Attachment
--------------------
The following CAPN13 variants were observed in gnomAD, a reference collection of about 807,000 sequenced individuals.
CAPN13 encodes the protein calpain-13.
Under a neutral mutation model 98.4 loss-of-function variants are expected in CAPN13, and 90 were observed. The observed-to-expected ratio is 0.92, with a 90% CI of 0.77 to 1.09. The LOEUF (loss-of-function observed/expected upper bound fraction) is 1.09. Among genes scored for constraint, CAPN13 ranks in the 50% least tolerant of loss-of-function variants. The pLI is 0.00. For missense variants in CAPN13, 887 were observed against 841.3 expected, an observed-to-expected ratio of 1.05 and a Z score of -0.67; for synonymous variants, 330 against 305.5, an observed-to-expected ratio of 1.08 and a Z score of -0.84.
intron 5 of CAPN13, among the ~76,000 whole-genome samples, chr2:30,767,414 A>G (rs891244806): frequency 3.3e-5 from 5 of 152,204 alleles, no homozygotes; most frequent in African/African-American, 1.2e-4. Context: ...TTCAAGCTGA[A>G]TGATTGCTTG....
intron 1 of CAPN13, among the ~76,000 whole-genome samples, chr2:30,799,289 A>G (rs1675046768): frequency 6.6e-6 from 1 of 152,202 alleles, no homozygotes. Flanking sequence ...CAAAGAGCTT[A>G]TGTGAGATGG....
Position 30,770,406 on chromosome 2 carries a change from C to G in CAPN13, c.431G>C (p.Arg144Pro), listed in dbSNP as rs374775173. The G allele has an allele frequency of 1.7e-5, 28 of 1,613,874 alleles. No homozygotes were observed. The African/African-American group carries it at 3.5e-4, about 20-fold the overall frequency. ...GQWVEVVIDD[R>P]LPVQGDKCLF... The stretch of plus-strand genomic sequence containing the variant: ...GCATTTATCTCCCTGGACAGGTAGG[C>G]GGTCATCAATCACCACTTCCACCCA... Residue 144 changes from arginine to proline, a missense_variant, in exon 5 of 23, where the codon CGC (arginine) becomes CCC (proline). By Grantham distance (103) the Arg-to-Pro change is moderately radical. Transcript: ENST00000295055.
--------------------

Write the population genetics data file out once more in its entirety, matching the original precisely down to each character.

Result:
The following CAPN13 variants were observed in gnomAD, a reference collection of about 807,000 sequenced individuals.
CAPN13 encodes the protein calpain-13.
Under a neutral mutation model 98.4 loss-of-function variants are expected in CAPN13, and 90 were observed. The observed-to-expected ratio is 0.92, with a 90% CI of 0.77 to 1.09. The LOEUF (loss-of-function observed/expected upper bound fraction) is 1.09. Among genes scored for constraint, CAPN13 ranks in the 50% least tolerant of loss-of-function variants. The pLI is 0.00. For missense variants in CAPN13, 887 were observed against 841.3 expected, an observed-to-expected ratio of 1.05 and a Z score of -0.67; for synonymous variants, 330 against 305.5, an observed-to-expected ratio of 1.08 and a Z score of -0.84.
intron 5 of CAPN13, among the ~76,000 whole-genome samples, chr2:30,767,414 A>G (rs891244806): frequency 3.3e-5 from 5 of 152,204 alleles, no homozygotes; most frequent in African/African-American, 1.2e-4. Context: ...TTCAAGCTGA[A>G]TGATTGCTTG....
intron 1 of CAPN13, among the ~76,000 whole-genome samples, chr2:30,799,289 A>G (rs1675046768): frequency 6.6e-6 from 1 of 152,202 alleles, no homozygotes. Flanking sequence ...CAAAGAGCTT[A>G]TGTGAGATGG....
Position 30,770,406 on chromosome 2 carries a change from C to G in CAPN13, c.431G>C (p.Arg144Pro), listed in dbSNP as rs374775173. The G allele has an allele frequency of 1.7e-5, 28 of 1,613,874 alleles. No homozygotes were observed. The African/African-American group carries it at 3.5e-4, about 20-fold the overall frequency. ...GQWVEVVIDD[R>P]LPVQGDKCLF... The stretch of plus-strand genomic sequence containing the variant: ...GCATTTATCTCCCTGGACAGGTAGG[C>G]GGTCATCAATCACCACTTCCACCCA... Residue 144 changes from arginine to proline, a missense_variant, in exon 5 of 23, where the codon CGC (arginine) becomes CCC (proline). By Grantham distance (103) the Arg-to-Pro change is moderately radical. Transcript: ENST00000295055.